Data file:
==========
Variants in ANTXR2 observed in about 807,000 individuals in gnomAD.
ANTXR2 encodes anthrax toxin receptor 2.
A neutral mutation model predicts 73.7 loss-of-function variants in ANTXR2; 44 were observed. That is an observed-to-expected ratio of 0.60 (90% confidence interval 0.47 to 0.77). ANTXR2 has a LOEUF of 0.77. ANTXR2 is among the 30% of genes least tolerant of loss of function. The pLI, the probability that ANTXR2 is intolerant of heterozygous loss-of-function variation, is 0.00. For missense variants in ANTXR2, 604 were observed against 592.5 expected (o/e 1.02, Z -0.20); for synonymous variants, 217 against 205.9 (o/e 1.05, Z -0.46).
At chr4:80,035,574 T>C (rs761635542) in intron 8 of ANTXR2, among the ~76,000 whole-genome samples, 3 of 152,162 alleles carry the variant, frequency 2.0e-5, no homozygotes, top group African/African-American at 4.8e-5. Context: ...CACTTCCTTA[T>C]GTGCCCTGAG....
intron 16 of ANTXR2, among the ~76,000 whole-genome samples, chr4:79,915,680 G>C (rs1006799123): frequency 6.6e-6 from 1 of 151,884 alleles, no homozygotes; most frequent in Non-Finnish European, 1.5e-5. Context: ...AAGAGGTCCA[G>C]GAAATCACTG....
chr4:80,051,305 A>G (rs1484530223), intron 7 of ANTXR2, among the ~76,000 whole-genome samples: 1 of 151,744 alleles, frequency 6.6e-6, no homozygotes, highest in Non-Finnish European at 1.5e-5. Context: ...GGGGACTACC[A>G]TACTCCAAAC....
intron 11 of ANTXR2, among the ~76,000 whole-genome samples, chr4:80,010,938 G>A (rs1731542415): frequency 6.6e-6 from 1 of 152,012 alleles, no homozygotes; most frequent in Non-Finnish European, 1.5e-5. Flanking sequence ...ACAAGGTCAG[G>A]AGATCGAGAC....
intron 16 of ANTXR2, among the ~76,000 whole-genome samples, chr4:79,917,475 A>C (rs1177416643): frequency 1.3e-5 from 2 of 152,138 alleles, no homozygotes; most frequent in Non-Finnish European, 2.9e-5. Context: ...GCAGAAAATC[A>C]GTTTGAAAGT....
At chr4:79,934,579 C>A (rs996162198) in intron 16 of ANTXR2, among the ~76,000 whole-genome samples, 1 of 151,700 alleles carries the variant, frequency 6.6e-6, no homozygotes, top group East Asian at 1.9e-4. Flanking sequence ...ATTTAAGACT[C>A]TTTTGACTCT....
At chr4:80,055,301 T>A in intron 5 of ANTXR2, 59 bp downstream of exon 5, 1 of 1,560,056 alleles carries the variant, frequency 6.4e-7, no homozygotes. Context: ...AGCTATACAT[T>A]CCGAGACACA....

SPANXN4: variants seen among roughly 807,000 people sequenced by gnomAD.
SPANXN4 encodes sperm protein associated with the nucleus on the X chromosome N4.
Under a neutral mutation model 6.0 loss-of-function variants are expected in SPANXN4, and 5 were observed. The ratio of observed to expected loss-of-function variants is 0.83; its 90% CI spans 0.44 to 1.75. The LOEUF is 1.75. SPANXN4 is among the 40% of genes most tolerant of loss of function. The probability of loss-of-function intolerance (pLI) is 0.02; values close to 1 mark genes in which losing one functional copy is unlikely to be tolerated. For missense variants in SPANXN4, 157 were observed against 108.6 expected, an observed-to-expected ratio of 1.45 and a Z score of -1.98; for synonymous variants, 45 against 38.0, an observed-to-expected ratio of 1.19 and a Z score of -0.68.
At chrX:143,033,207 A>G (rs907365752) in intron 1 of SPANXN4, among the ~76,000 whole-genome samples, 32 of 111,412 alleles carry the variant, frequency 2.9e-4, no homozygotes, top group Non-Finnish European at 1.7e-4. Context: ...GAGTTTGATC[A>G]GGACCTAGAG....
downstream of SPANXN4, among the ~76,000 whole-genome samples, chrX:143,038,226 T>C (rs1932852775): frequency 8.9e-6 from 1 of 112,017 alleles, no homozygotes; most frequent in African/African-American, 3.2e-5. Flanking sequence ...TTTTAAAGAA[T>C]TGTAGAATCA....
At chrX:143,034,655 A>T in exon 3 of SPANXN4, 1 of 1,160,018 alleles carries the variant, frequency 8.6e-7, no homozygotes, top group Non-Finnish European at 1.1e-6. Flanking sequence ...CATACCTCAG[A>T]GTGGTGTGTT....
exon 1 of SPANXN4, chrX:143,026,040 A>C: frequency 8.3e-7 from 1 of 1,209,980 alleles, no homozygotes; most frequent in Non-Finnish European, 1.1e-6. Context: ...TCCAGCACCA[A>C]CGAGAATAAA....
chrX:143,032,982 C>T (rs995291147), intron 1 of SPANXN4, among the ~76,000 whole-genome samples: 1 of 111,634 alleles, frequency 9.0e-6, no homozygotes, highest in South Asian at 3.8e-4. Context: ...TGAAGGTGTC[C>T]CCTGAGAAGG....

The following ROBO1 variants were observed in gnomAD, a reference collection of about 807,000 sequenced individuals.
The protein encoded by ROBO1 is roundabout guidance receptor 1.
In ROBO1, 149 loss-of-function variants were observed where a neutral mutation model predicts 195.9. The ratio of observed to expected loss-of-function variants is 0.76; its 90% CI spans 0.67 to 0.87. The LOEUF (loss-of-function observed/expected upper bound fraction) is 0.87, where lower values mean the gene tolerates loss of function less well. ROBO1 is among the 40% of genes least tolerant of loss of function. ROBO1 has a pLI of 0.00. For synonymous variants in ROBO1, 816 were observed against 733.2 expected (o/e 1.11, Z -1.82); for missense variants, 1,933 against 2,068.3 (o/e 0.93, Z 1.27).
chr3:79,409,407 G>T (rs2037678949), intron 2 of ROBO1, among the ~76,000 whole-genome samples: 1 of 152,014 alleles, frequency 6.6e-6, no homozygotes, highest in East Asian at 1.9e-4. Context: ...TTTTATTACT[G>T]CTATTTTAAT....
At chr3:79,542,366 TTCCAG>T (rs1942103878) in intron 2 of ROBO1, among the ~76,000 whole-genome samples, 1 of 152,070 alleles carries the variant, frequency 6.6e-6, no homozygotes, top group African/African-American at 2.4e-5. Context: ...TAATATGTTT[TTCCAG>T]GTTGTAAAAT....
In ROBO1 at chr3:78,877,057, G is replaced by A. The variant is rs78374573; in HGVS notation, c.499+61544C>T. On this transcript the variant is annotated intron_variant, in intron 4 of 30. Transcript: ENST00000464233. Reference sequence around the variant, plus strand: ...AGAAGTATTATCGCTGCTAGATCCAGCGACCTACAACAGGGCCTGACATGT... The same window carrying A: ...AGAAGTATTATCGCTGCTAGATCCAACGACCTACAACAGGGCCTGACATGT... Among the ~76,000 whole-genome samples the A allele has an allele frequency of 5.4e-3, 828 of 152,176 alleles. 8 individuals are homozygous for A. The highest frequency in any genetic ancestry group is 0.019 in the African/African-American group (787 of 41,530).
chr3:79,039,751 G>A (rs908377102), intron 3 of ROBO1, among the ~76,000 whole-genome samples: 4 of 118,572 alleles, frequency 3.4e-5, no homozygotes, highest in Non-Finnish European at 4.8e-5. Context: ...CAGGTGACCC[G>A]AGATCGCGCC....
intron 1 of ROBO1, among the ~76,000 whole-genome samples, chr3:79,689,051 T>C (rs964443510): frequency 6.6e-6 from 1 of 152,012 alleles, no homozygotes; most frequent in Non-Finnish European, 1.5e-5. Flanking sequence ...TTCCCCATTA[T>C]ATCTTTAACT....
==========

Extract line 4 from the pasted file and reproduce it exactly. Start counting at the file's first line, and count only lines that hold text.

At chr4:80,035,574 T>C (rs761635542) in intron 8 of ANTXR2, among the ~76,000 whole-genome samples, 3 of 152,162 alleles carry the variant, frequency 2.0e-5, no homozygotes, top group African/African-American at 4.8e-5. Context: ...CACTTCCTTA[T>C]GTGCCCTGAG....